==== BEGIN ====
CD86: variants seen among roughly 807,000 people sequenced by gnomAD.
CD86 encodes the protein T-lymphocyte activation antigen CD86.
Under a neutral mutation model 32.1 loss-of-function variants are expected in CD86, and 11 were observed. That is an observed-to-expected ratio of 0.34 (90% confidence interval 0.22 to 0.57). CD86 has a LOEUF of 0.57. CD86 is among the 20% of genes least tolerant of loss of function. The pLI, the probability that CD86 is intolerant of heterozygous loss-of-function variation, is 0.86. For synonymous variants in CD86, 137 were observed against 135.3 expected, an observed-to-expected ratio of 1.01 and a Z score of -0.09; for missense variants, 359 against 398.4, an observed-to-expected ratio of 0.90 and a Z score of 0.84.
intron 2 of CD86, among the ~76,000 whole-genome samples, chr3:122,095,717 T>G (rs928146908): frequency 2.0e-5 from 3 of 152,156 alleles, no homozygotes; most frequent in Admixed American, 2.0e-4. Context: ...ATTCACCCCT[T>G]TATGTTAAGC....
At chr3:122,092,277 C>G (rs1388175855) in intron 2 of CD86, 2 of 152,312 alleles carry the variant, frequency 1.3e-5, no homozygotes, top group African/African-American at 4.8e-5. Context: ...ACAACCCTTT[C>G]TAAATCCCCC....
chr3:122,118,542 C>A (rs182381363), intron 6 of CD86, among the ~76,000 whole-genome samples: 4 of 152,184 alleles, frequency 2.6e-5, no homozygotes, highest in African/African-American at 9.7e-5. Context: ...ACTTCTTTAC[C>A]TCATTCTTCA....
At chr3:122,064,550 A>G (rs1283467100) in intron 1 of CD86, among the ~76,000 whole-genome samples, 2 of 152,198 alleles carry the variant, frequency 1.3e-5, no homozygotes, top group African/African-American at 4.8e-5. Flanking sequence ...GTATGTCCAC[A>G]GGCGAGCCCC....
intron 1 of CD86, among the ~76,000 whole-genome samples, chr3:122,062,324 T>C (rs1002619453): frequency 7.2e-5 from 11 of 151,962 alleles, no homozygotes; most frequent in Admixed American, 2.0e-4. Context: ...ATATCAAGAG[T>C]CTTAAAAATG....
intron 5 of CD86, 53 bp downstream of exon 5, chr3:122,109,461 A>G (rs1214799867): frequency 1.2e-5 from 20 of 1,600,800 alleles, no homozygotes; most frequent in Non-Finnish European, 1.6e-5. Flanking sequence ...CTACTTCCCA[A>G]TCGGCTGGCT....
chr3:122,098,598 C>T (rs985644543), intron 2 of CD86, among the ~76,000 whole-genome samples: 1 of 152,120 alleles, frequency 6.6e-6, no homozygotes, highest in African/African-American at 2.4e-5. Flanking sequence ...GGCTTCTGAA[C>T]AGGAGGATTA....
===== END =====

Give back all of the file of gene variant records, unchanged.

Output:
CD86: variants seen among roughly 807,000 people sequenced by gnomAD.
CD86 encodes the protein T-lymphocyte activation antigen CD86.
Under a neutral mutation model 32.1 loss-of-function variants are expected in CD86, and 11 were observed. That is an observed-to-expected ratio of 0.34 (90% confidence interval 0.22 to 0.57). CD86 has a LOEUF of 0.57. CD86 is among the 20% of genes least tolerant of loss of function. The pLI, the probability that CD86 is intolerant of heterozygous loss-of-function variation, is 0.86. For synonymous variants in CD86, 137 were observed against 135.3 expected, an observed-to-expected ratio of 1.01 and a Z score of -0.09; for missense variants, 359 against 398.4, an observed-to-expected ratio of 0.90 and a Z score of 0.84.
intron 2 of CD86, among the ~76,000 whole-genome samples, chr3:122,095,717 T>G (rs928146908): frequency 2.0e-5 from 3 of 152,156 alleles, no homozygotes; most frequent in Admixed American, 2.0e-4. Context: ...ATTCACCCCT[T>G]TATGTTAAGC....
At chr3:122,092,277 C>G (rs1388175855) in intron 2 of CD86, 2 of 152,312 alleles carry the variant, frequency 1.3e-5, no homozygotes, top group African/African-American at 4.8e-5. Context: ...ACAACCCTTT[C>G]TAAATCCCCC....
chr3:122,118,542 C>A (rs182381363), intron 6 of CD86, among the ~76,000 whole-genome samples: 4 of 152,184 alleles, frequency 2.6e-5, no homozygotes, highest in African/African-American at 9.7e-5. Context: ...ACTTCTTTAC[C>A]TCATTCTTCA....
At chr3:122,064,550 A>G (rs1283467100) in intron 1 of CD86, among the ~76,000 whole-genome samples, 2 of 152,198 alleles carry the variant, frequency 1.3e-5, no homozygotes, top group African/African-American at 4.8e-5. Flanking sequence ...GTATGTCCAC[A>G]GGCGAGCCCC....
intron 1 of CD86, among the ~76,000 whole-genome samples, chr3:122,062,324 T>C (rs1002619453): frequency 7.2e-5 from 11 of 151,962 alleles, no homozygotes; most frequent in Admixed American, 2.0e-4. Context: ...ATATCAAGAG[T>C]CTTAAAAATG....
intron 5 of CD86, 53 bp downstream of exon 5, chr3:122,109,461 A>G (rs1214799867): frequency 1.2e-5 from 20 of 1,600,800 alleles, no homozygotes; most frequent in Non-Finnish European, 1.6e-5. Flanking sequence ...CTACTTCCCA[A>G]TCGGCTGGCT....
chr3:122,098,598 C>T (rs985644543), intron 2 of CD86, among the ~76,000 whole-genome samples: 1 of 152,120 alleles, frequency 6.6e-6, no homozygotes, highest in African/African-American at 2.4e-5. Flanking sequence ...GGCTTCTGAA[C>T]AGGAGGATTA....